Catherine looked over her shoulder, then back to Maria. “You really do worry about being found out, don’t you?”

“There is more than me at stake Catherine. Vincent and all the others ... You have to understand, I love my people, but there are a lot of like Tony’s Uncle Vic – ones, always working an angle or trying to take advantage of the gaje. They don’t believe gaje laws apply to them. Some of us are a little more … let’s say, diplomatic in our dealings with outsiders. But even at my brother’s shop, we don’t care if we are over charging for knock-off handbags.” She shrugged. “If the gaje are willing to overpay, then they’re getting what they deserve.

"But helping gaje when I could be helping Gypsies? I could be banished for that, even if I was just providing basic necessities. My first loyalty - my only loyalty is supposed to be my people. Necessities should go to a Gypsy in need and never to the gaje. And the tunnels ... they could be used for a lot of illegal activities. It wouldn’t matter to men like Vic that the tunnels are home to so many. They are gaje. They are nothing. There are those who would destroy everyone below if they wanted those tunnels. I don’t want to think what they would do if they found Vincent. There could be lives lost on both sides, and if they overpowered Vincent … It couldn’t possibly be a good thing. They could kill him, or worse, sell him to a traveling carnival. I’ve seen some of the people they keep in their sideshows."

Catherine nodded, thinking of Charles, and how his own brother abused him. Suddenly Catherine wanted to look over her shoulder whenever the bell over the door jangled.

“Tell me about your father and aunt. How did her banishment lead your father to become a Helper?”

“Two years after the kris my father was walking in Central Park with my mother, when he saw Cha’risma coming out of the conduit in the park. It was late autumn and she was dressed in mended clothes and without a coat. He told my mother to go home. He didn’t tell her he had seen Cha'risma, and when my mother left, he followed his sister. He trailed her for blocks, until she went into a place that gave food to the homeless.

"He waited outside, until she came out. He said she was not the same. She was thin and she looked tired, but when she saw him … He said when she saw him she just stood there. She would not speak first. She was still proud, and he knew that if they were to speak, it would have to be he who broke the silence. So, he did.”

“She was living in the tunnels? What happened to the gardener?”

“Yes. They talked for an hour or more. She told him that Danny, the gardener, had died of the flu. When she couldn’t pay the rent on the small place they’d shared, she was evicted. So she went to the tunnels. Danny had told her that there were whole families living under the park, people who had nowhere to go. When he could, he would sometimes leave them food or blankets that had been left behind in the park. He’d leave them just inside the cement conduit to be found. So she went there and waited. When someone came out, she asked if there was a warm place she could sleep until she could get on her feet.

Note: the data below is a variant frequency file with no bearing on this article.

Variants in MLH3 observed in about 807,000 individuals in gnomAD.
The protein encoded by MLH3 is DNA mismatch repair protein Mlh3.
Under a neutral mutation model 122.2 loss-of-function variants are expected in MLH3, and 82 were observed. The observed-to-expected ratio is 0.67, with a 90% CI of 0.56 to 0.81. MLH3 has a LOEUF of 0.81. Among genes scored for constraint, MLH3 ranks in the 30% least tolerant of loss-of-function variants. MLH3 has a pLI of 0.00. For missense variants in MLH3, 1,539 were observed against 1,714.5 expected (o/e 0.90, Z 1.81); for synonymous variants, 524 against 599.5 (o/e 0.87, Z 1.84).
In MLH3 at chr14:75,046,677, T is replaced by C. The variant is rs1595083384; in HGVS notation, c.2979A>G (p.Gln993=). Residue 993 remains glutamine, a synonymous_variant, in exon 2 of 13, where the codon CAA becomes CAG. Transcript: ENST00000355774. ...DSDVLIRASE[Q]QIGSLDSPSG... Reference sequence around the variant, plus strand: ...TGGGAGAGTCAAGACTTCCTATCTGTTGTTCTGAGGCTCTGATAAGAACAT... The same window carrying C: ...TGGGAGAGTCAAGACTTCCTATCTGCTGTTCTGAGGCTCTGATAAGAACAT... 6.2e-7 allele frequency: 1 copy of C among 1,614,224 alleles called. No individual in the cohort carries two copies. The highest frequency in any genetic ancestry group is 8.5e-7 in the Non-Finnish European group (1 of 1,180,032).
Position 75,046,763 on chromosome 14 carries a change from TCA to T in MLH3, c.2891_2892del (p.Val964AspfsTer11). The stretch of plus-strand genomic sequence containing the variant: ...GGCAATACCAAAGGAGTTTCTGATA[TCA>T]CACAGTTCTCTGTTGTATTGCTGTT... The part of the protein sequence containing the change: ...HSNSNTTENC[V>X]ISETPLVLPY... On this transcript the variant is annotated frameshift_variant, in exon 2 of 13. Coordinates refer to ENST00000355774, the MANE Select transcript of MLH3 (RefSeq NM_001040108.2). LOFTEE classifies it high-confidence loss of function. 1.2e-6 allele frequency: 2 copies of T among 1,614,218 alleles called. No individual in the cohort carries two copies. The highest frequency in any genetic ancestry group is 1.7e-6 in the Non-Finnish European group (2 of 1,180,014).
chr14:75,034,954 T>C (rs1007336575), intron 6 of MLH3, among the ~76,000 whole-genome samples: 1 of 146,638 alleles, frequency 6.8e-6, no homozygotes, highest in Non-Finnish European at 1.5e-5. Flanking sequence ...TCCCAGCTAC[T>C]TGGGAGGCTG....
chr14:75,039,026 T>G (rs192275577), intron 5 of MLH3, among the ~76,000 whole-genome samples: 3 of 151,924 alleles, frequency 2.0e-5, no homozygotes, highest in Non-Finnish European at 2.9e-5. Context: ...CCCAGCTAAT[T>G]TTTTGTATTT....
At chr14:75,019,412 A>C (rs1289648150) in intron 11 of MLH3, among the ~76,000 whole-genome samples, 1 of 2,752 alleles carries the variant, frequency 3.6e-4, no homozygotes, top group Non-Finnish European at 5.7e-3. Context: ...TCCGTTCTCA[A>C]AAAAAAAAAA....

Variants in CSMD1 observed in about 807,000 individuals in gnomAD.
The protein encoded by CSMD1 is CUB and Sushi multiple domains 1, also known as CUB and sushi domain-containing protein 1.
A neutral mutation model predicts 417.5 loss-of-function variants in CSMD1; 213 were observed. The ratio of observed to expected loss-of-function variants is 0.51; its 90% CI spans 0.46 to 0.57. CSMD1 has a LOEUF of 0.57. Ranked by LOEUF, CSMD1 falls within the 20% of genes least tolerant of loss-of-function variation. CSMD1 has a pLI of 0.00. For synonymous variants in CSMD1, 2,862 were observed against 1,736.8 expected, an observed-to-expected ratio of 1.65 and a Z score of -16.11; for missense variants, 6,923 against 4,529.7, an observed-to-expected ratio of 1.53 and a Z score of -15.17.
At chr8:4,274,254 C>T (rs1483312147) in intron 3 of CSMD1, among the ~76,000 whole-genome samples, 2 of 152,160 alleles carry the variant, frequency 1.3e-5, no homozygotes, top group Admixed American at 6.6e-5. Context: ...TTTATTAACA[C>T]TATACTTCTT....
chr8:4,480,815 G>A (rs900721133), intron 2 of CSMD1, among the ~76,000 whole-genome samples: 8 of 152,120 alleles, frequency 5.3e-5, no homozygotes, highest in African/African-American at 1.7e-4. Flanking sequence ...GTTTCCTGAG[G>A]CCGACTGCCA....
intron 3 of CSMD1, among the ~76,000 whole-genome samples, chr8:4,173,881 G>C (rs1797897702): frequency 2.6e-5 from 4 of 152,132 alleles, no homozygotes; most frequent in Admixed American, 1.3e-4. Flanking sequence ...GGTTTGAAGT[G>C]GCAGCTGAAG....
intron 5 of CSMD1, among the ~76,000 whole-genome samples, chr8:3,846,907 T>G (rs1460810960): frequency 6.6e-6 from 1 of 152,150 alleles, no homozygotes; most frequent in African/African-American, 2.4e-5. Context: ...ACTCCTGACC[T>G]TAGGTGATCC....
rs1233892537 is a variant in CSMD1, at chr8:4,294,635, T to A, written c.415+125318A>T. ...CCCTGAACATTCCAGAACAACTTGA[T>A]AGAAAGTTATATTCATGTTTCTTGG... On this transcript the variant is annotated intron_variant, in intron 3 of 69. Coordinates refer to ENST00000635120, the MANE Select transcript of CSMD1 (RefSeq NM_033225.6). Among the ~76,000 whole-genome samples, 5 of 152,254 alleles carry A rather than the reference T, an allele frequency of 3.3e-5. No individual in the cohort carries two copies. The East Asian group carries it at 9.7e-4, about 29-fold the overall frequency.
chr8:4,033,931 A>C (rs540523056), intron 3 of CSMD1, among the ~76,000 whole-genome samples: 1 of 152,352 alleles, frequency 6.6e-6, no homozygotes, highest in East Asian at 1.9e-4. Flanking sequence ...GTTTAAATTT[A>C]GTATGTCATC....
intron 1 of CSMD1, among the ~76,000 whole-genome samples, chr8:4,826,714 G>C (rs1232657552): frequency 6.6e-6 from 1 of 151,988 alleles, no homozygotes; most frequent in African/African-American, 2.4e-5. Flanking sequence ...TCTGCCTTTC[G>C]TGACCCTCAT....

"She had been there for six months when my father saw her. When he offered to help her find an apartment, she refused. She said the people below were like a family and that she wanted to stay and help them. He didn’t like it, but he also knew she couldn’t come back to her family and her Gypsy life. After that, he would help whenever he was able to. The first thing he did was bring warm clothing, coats, and blankets. Months later he went to meet her and she didn’t show up. So he left the basket of food by the entrance. Sometimes he would find a note she had left for him. When the notes stopped, he waited for someone to come. That’s when he found out she had died. He was heartbroken. But to honor her memory, he continued to help. Eventually he earned their trust and was welcomed Below and years later he told me his little stories of the lion-boy. I think he was preparing me."

“What a wonderful story! I’m glad you told me. I just have one question. Vincent has told me a lot about the early history of the tunnels, but I don’t think I remember him ever mentioning a woman named Cha’risma. That’s not a name I would have forgotten.”

“Oh, you wouldn’t have heard that name. Like I told you, she was a proud woman. If the Gypsies didn’t want her any more, she didn’t want the name they gave her either. She changed it to its English word. In Romani, Cha’risma means state of Grace … So she changed her name to Grace.”



Broken Hearts, Helping Hands
By Chelsea Volpe

When a broken heart,
is lying in your arms,
do you mend it,
or leave the opened wound,
When the sky is grey,
and the hungry swarm,
do you progress,
do you feed,
If tomorrow was never to come,
and today was your last,
would you love,
or hate,
Would you help and shelter,
or would you leave them bare,
and feed them to the arms of hell?